Providers should seek to combine the strengths of data, behavioural science and design thinking in a customer-centric approach when developing their financial health strategy and value propositions.

  • Data: Analyse all available transactional, market, and business data to identify user patterns and trends and build solutions that effectively leverage that knowledge
  • Behavioural Science: Use principles of behavioural science to better understand customer decision-making and human behaviour patterns to overcome barriers to action, and
  • Design Thinking: Employ design thinking and human-centred design approaches to build empathy with customers, and understand the context of their lives, needs, preferences and habits.

Real world examples

There are a whole host of new challengers and incumbents already finding success with financial health focused propositions. Here are a few recent examples for inspiration…

A great example is South African digital only Discovery Bank, being described as the world’s first behavioural bank. The bank is anchored in the company’s Vitality health insurance platform, which uses financial incentives to help customers curate and sustain healthier lifestyles.

It applies a behavioural system based on 5 key elements:

  1. Whether you spend more than you earn
  2. Whether you have insurance
  3. Whether you save for emergencies
  4. Whether you are saving for retirement
  5. Whether you are managing your secured debt

Discovery believes these 5 controllable behaviours can alleviate the 3 key risks of

  • unaffordable debt
  • exposure to unexpected expenses and
  • insufficient income at retirement.

These 3 risks in turn result in 80% of events where individuals are not able to meet their financial obligations. The Bank’s behaviour-change programme, Vitality Money, will guide and incentivise consumers to achieve better financial health and resilience.

A key feature of the Bank is dynamic interest rates, an industry first. This innovative benefit design links interest rates directly to clients’ financial behaviour; enabling them to earn more interest on savings and to pay less interest on credit as they improve their financial behaviour with Vitality Money. The Bank further leverages its Vitality health network to create an attractive ecosystem of rewards for clients in the form of dynamic discounts and incentives, such as free gym membership.

ING’s growth initiative THINK FORWARD which focuses on financial health innovations, has also resulted in Austrian fintech Monkee, which focuses on small weekly savings targets enabled via a 2-click saving feature. Saving becomes as easy as spending money. A digital finance coach provides additional motivation and helps to actually achieve goals.

Another cool example is Cleo, targeting “Gen Z” and with a rather lofty sounding mission to “fight for the world’s financial health”. Cleo’s AI/machine learning-powered app connects to your bank accounts and gives you proactive advice and information on your finances, including timely nudges, to help you stay on top of your spending. Over time, the idea is that Cleo can help change your financial behaviour for the better. The broader premise is that Cleo can replace your bank’s own app, and by speaking to you in a more human and user-friendly way, improve your financial health.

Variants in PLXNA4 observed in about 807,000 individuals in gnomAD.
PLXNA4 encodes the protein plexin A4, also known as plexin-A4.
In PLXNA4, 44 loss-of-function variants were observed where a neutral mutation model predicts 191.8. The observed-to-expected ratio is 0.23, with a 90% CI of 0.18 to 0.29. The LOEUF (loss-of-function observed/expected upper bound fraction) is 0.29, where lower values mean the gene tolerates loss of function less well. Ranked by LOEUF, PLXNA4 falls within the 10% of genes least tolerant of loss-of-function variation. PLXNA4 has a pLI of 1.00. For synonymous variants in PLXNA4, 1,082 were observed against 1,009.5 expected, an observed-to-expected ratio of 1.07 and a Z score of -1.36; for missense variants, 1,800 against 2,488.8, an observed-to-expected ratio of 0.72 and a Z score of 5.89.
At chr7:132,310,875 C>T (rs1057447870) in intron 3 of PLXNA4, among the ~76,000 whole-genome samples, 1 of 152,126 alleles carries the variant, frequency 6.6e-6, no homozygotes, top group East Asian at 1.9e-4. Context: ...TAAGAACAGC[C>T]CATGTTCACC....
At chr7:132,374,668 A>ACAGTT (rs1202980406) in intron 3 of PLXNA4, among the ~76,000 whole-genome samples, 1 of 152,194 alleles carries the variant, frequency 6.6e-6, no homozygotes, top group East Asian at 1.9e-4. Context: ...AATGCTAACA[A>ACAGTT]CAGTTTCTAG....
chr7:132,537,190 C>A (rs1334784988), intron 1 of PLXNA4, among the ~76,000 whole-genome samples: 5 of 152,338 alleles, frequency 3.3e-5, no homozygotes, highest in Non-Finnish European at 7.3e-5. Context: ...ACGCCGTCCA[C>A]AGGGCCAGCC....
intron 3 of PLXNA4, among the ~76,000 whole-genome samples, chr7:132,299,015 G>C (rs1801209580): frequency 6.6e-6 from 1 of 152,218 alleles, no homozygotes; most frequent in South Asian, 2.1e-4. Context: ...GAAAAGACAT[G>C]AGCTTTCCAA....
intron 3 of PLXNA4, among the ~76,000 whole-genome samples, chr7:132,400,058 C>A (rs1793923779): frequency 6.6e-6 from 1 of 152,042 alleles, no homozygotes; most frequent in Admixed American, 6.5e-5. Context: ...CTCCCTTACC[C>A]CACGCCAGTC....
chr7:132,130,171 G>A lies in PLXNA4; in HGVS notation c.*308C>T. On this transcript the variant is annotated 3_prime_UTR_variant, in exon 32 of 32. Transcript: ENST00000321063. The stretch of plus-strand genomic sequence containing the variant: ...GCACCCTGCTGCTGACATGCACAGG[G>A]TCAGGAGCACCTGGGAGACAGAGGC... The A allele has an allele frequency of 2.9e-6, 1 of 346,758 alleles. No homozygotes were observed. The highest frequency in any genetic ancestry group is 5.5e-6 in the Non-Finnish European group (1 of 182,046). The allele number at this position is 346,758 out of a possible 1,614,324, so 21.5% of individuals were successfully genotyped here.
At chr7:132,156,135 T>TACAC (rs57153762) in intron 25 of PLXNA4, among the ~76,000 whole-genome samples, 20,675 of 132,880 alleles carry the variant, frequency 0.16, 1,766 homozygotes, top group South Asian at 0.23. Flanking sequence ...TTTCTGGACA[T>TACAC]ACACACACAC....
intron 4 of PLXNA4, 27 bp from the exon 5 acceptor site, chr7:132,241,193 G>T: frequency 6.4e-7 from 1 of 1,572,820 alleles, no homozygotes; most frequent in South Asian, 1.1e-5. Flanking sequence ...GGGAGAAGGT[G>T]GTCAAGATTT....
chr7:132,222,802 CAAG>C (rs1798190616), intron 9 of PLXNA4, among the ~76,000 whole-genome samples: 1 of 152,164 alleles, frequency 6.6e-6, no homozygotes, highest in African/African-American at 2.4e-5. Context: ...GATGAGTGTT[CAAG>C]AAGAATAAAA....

Similarly, Zuper, a Munich-based, AI-driven startup wants to challenge how people think about their finances and by using algorithms — show them how they can optimize.

In the same way that a fitness app coaches people to become physically stronger, Zuper’s mobile app provides financial coaching that helps people to become financially wiser and capable, helping them to either invest in or utilize loans, create savings, and find low-effort financial planning that suits their individual needs.

Finding focus on the path ahead

The untapped opportunities for both established and challenger providers remain massive if they can harness customer data effectively into targeted financial health propositions that truly extend beyond traditional finance products and services merely hiding behind an advisor or portfolio management “front-end”.

While this will obviously be beneficial for customers, it makes good business sense for providers – increasing customer loyalty at a time when banking customers are switching banks more than ever, can help secure long-term sources of stable revenue streams and increase customer share of wallet.

Partnering will also be key as ecosystems become more connected and customer data flows across interwoven user journeys. Financial data aggregators such as Plaid, Yodlee, Kontomatik and Finicity could be a real catalyst here to help companies connect the data dots.

Financial Health is in many ways the underlying promise of embedded finance and open banking. As banking and finance becomes more ubiquitous and embedded, the old-school product-push and pure profit motive of banks change to one that focuses on serving the customer, the community, and society as a whole.

People have busy lives and stretched budgets. Financial products should make our lives easier and help us realise our financial health potential. It is therefore the companies that continually shape their products around their customers, rather than expecting customers to shape themselves around product, that will continue to be winners.

More Trends

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Embedded Finance – Financial Services in every sector

Financial needs must be met at any time and any place, without technical hurdles and difficulties in handling. But how can this be established by financial service providers and which business models are profitable here?

New interfaces in banking

With increasing technological progress, the perception of the brand is also changing: Where once branch design and public image stood, one now finds a digital interface of an app and innovative technology. What interface trends are there, how are they applied in practical terms and what problems can arise?